The senior defensive end's game-saving sack for an 18-yard loss left the Demon Deacons with an impossible 3rd-and-28 situation and just 0:31 left, essentially securing the victory for Vandy.
The biggest play of the night also gave Commodore fans a glimpse of just how lethal speed can be.
In one of several position changes this past spring, coaches shifted Harrison from strongside linebacker to defensive end, giving them a significant boost in quickness on the line.
"As a coach, you want to get the most speed you can on the field at once," defensive line coach David Turner said. "This is probably more important in the SEC than anywhere else because of the caliber of the athletes."
At 6-4, 254 pounds, no one expects Harrison to bull-rush the hulking offensive linemen lined up across from him. What they do expect is that the speed and athleticism that allowed him to start the previous 18 games at outside linebacker will translate into playmaking ability up front.
"You don't have to be a 280-, 290-lbs. defensive end and you don't have to take on a 300-lbs. tackle every down," Turner said. "It's not always about adjusting to the man lined up across from you. You have to remember that they need to adjust to you."
Proof of the effectiveness of this approach is now abundant in the NFL, where smaller defensive ends like the Colts' Dwight Freeney and "tweeners" like the Ravens' Terrell Suggs have emerged as the most feared pass rushers in the league. So while the man trying to block him might have a 70- or 80-lbs. advantage, Harrison knows that size alone does not give a player the edge on the line.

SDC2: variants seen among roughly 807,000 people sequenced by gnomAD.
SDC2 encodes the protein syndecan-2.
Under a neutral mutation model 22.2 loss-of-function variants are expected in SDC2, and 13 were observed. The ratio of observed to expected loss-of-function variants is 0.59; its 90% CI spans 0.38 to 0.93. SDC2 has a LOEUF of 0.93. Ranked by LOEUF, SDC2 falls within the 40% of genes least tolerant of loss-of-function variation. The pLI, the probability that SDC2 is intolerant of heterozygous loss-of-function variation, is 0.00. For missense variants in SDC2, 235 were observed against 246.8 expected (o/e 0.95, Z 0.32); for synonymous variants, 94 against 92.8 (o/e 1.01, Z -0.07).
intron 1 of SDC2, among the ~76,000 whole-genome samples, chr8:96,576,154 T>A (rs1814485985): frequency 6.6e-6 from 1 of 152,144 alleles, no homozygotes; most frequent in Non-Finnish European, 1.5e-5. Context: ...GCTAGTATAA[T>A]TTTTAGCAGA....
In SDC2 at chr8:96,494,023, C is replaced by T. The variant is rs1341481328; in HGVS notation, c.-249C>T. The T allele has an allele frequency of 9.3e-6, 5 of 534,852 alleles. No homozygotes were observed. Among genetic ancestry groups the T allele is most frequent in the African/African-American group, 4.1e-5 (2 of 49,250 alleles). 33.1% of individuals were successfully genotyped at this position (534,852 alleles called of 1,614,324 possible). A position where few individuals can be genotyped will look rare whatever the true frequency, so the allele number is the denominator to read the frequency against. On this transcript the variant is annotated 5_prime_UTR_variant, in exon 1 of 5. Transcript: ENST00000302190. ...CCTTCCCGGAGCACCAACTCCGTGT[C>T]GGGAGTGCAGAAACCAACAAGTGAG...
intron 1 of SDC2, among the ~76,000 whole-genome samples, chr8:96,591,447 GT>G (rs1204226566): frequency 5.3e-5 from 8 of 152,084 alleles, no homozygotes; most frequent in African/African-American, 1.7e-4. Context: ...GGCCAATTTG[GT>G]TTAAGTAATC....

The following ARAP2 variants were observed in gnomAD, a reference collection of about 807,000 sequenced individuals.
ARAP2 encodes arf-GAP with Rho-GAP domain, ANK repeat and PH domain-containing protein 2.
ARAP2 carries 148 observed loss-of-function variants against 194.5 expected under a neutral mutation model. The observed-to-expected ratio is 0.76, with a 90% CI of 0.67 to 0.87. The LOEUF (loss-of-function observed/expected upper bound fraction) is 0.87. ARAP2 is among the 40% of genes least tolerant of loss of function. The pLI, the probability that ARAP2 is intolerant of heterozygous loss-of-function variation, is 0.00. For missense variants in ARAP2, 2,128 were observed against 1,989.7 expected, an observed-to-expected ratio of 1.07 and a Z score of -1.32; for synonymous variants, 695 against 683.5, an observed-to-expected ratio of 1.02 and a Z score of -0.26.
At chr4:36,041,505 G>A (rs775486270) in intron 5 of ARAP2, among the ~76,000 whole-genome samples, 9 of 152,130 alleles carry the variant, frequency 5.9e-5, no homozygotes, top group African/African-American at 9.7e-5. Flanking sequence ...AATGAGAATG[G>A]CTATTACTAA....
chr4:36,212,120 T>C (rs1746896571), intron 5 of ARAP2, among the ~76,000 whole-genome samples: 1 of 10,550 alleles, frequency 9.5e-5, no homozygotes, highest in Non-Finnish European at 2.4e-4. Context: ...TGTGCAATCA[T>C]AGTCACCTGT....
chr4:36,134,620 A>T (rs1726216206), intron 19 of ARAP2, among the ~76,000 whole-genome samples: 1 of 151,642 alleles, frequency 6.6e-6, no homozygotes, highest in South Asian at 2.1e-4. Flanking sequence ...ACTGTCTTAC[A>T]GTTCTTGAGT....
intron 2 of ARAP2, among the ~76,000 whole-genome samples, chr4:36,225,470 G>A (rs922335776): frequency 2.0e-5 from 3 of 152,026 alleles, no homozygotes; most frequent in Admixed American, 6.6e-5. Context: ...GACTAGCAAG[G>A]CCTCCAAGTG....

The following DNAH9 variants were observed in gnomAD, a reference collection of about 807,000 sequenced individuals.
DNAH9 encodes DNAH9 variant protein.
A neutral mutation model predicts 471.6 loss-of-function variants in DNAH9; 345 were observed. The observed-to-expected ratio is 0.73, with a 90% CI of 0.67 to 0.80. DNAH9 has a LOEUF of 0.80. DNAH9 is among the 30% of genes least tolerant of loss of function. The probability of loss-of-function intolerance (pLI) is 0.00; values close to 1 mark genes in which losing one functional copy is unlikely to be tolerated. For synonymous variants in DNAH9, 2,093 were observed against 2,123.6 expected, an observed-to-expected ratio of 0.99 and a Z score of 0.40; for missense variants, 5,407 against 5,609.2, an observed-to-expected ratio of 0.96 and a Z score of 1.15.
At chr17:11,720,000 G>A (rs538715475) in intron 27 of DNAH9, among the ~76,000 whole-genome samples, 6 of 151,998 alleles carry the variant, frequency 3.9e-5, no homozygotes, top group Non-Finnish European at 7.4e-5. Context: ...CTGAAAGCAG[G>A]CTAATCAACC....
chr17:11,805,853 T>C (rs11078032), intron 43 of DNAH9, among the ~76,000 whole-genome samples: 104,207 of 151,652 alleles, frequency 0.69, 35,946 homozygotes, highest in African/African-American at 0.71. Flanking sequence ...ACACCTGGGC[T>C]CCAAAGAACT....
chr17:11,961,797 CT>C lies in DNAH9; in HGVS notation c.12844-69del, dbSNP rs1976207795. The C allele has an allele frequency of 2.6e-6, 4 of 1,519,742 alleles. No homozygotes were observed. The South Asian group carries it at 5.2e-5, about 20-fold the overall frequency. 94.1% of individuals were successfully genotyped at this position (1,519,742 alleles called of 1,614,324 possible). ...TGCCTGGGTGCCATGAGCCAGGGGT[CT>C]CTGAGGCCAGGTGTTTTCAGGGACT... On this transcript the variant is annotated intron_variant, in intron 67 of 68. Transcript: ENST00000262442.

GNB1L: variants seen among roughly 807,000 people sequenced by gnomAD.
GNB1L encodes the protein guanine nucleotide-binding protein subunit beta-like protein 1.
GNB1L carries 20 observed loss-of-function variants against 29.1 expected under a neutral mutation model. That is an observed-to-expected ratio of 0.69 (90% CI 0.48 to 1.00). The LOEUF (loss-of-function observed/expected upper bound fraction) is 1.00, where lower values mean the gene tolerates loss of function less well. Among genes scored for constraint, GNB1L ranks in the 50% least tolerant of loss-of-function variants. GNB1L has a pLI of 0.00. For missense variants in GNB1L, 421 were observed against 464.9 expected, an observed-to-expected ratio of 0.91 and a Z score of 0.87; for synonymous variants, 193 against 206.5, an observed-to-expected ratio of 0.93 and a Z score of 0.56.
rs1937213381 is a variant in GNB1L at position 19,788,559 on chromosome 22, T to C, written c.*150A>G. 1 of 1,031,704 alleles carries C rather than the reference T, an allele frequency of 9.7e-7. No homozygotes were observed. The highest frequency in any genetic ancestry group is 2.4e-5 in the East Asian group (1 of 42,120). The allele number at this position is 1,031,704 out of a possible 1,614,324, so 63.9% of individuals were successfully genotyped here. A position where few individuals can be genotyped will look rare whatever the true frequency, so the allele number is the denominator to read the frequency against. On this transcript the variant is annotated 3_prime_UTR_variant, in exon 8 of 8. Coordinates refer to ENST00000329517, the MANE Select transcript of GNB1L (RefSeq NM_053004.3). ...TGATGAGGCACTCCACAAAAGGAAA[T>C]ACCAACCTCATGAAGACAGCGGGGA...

"There are ways around that," Harrison said. "I can use setup moves, like lulling them into thinking I'm going straight up field and then hitting them with an inside move. Other times I've been able to catch them off guard and run right around them."
At the same time, Harrison is far from content to rest on the laurels of one big play. The native of Marietta, Ga. is first and foremost conscious of the Commodores' need to tighten up their run defense after Wake Forest's Micah Andrews was allowed to run wild last week.
"It's been a huge emphasis this week in practice," Harrison said. "Like the coaches say, it all starts up front. We spent a few hours the other day just working on getting off our blocks." Individually as well, Harrison knows that he still has a lot of work to do before he is completely comfortable in his new position. While it appears he has already developed an effective pass rush, he acknowledges the need to be more consistent with his gap assignments.
"The hardest part for me right now is adjusting to the run versus the pass," Harrison said. "I have to try not to think too much, and just go out there and compete."
His position coach clearly echoed this sentiment. "I think the biggest problem for Herdley right now is Herdley," Turner said. "He has a tendency to think too much and be overly analytical. We've talked about it, so he knows he needs to just line up and play."
Perhaps it shouldn't be too surprising that the biggest problem for Harrison is his overanalyzing of the game. After all, he was selected to the All-SEC Academic Honor Roll each of the last two years.
Luckily, this type of self-imposed obstacle should be fairly easy to overcome as he becomes more comfortable at his new position. The coaches are confident that as a veteran with as much athleticism as he has experience, Harrison will only improve with each game.
If that proves to be the case, then his monster sack on Thursday night might just be a preview of things to come.